Zuma's government is under fire over CAR intervention. Does Kenyatta have new laws up his sleeve? Will Jonathan amnesty Boko Haram? And how many Nigerians have accounts in tax havens?
In South Africa the press headlines with a row in parliament Thursday over alleged government lies about the deployment of the South African National Defence Force in the Central African Republic.
The standoff broke out as the government said it was investigating reports that dozens of South African soldiers were missing or killed in the battle for Bangui.
BusinessDay says Defence Minister Nosiviwe Mapisa-Nqakula refused to answer questions about reports of a build-up of South African troops in the countries surrounding the Central African Republic (CAR).
The minister was briefing parliament's joint standing committee on defence on the circumstances that led to the deaths of 13 South African soldiers last month, fielding questions on reported troop build-up in Uganda and the Democratic Republic of Congo.
President Jacob Zuma has since announced that the troops in the CAR are to be withdrawn. But the Mail and Guardian takes up reports that South Africa was poised to mount a revenge strike on the Seleka rebels that captured the CAR capital, Bangui, and forced then President François Bozizé to flee the country.
In Kenya the Daily Nation headlines on President-elect Uhuru Kenyatta who it claims has crafted a series of post-election deals to advance his government's legislative agenda and possibly protect himself against possible impeachment. The paper claims that the incoming president, who is working closely with his deputy William Ruto, has been able to pull to his side the New Ford Kenya, the independence party Kanu, Chama cha Uzalendo (CCU) and the Alliance Party of Kenya (APK).
The Standard reports that opposition leader Raila Odinga is furious about the move. According to the paper the Raila-led opposition Coalition for Reforms and Democracy (Cord) warns that Uhuru's coalition was raiding parties it had no pre-election agreement with. Their intention he says is to weaken the opposition and other groups that would stand in their way in and outside parliament.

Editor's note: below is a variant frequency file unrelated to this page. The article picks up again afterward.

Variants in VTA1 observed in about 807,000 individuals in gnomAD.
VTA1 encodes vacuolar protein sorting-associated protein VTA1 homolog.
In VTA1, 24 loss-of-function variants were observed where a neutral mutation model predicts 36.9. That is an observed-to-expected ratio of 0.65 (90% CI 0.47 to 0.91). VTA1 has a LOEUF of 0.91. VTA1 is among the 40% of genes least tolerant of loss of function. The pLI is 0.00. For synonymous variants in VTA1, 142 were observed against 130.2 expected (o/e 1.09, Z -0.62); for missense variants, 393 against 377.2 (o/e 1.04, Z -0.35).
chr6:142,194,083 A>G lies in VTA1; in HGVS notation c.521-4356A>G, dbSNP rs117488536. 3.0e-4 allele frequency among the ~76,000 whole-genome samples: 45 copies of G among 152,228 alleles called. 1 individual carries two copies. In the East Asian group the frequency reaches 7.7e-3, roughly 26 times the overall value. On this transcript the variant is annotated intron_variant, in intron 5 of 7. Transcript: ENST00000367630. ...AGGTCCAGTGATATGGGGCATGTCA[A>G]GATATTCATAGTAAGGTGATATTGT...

The Kenyan press is also reporting another setback for ICC prosecutor Fatou Bensouda's case against Kenyatta. According to the Standard, just three months to the start of Uhuru's trial on 11 July at The Hague, it is emerging that three prosecution witnesses have refused to testify against him.
In Nigeria the press is awash with reactions to President Goodluck Jonathan's amnesty plan for members of the violent Islamic sect, Boko Haram.
Vanguard claims that Jonathan reached the decision after several months of "buck passing" between the presidency and stakeholders in the north. The Punch points to a specific demand by the Sultan of Sokoto, as a means of promoting peace in the country. The paper says that the Christian Association of Nigeria, which has lost hundreds of members during the bloodletting, has kicked against it.
Dossier: Sharia wars - Boko Haram v the military in northern Nigeria
Vanguard reports that northern leaders, meeting under the auspices of pan-northern socio-political organisation, Arewa Consultative Forum, have denied charges that their call for amnesty is proof of their sympathy for Boko Haram's actions. The Guardian sees the amnesty deal as Jonathan's bait to win northern support for his 2015 presidential bid says.
The Tribune reports that Nigerian politicians and businessmen have been discovered in the list of names behind covert companies and private trusts in the British Virgin Islands, the Cook Islands and other offshore hideaways. According to the paper, 86 journalists from 46 countries used high-tech data-crunching and shoe-leather reporting to sift through emails, account ledgers and other files covering nearly 30 years.
The Tribune reports that a cache of 2.5 million files provides facts and figures on how crooks and conmen are fuelling corruption and economic woes in rich and poor nations.